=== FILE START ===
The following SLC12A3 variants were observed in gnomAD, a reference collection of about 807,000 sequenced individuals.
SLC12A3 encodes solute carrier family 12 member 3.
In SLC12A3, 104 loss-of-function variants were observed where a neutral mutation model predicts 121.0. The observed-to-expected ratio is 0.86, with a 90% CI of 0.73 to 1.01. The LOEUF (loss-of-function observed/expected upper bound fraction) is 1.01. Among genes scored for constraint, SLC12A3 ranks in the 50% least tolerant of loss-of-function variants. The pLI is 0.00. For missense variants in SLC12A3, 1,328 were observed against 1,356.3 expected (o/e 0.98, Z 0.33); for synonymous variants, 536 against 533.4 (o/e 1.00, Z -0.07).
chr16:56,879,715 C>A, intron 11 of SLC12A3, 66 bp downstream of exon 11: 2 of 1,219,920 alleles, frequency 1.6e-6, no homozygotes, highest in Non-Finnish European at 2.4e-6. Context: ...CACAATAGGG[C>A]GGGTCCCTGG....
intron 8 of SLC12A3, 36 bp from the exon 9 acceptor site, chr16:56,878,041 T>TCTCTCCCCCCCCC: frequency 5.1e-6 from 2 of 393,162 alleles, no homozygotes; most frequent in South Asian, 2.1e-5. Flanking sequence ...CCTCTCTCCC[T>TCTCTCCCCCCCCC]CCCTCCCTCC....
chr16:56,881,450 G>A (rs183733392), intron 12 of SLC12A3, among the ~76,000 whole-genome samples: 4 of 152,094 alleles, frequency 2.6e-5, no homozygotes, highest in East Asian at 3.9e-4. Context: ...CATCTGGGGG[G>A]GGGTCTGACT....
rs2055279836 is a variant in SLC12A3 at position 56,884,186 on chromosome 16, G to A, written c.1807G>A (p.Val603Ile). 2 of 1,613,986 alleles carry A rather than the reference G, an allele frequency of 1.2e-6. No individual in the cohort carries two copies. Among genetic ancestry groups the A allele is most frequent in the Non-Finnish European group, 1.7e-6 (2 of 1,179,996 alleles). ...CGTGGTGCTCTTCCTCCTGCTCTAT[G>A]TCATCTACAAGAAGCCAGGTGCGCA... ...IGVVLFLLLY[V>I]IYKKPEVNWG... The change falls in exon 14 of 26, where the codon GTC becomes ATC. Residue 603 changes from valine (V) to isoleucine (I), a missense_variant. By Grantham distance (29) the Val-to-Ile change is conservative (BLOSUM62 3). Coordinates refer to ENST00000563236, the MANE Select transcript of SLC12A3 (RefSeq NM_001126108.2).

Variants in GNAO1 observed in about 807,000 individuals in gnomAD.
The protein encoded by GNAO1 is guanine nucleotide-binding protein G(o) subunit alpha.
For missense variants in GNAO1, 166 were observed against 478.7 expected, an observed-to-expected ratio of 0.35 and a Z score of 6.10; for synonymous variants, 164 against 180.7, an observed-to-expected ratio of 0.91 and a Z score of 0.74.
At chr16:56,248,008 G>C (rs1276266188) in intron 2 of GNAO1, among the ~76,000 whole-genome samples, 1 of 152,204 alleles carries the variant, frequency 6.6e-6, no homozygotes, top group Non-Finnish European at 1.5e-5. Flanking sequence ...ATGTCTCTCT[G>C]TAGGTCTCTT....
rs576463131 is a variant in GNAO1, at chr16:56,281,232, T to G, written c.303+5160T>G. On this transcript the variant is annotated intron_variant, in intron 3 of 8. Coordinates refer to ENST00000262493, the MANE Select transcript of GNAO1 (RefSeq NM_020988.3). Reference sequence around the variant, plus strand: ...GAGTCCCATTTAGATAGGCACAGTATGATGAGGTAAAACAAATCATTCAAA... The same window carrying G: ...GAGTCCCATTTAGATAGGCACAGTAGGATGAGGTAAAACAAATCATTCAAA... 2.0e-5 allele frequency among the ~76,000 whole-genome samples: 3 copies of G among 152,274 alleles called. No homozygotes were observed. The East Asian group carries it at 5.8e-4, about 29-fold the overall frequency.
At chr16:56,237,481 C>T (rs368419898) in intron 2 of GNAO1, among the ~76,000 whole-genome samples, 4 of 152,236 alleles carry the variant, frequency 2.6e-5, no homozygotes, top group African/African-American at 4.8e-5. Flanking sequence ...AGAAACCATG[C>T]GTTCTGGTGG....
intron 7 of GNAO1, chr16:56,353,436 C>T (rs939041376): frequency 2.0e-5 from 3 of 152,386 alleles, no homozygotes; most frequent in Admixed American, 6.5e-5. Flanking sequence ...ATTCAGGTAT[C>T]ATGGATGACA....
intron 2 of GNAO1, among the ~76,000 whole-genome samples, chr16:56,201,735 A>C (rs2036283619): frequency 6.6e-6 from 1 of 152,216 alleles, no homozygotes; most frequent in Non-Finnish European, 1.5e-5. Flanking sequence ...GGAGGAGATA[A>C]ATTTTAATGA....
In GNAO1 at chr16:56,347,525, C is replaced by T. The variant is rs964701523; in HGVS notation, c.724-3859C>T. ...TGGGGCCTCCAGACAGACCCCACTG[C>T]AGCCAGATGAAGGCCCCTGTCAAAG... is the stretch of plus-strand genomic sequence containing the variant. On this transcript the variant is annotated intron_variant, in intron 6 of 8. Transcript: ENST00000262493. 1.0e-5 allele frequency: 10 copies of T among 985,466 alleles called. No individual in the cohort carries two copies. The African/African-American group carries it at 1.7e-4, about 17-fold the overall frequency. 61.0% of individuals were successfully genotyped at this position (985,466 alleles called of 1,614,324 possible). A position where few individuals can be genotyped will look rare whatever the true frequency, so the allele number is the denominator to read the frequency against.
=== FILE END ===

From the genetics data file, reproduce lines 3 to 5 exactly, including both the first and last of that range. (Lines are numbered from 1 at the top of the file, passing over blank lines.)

In SLC12A3, 104 loss-of-function variants were observed where a neutral mutation model predicts 121.0. The observed-to-expected ratio is 0.86, with a 90% CI of 0.73 to 1.01. The LOEUF (loss-of-function observed/expected upper bound fraction) is 1.01. Among genes scored for constraint, SLC12A3 ranks in the 50% least tolerant of loss-of-function variants. The pLI is 0.00. For missense variants in SLC12A3, 1,328 were observed against 1,356.3 expected (o/e 0.98, Z 0.33); for synonymous variants, 536 against 533.4 (o/e 1.00, Z -0.07).
chr16:56,879,715 C>A, intron 11 of SLC12A3, 66 bp downstream of exon 11: 2 of 1,219,920 alleles, frequency 1.6e-6, no homozygotes, highest in Non-Finnish European at 2.4e-6. Context: ...CACAATAGGG[C>A]GGGTCCCTGG....
intron 8 of SLC12A3, 36 bp from the exon 9 acceptor site, chr16:56,878,041 T>TCTCTCCCCCCCCC: frequency 5.1e-6 from 2 of 393,162 alleles, no homozygotes; most frequent in South Asian, 2.1e-5. Flanking sequence ...CCTCTCTCCC[T>TCTCTCCCCCCCCC]CCCTCCCTCC....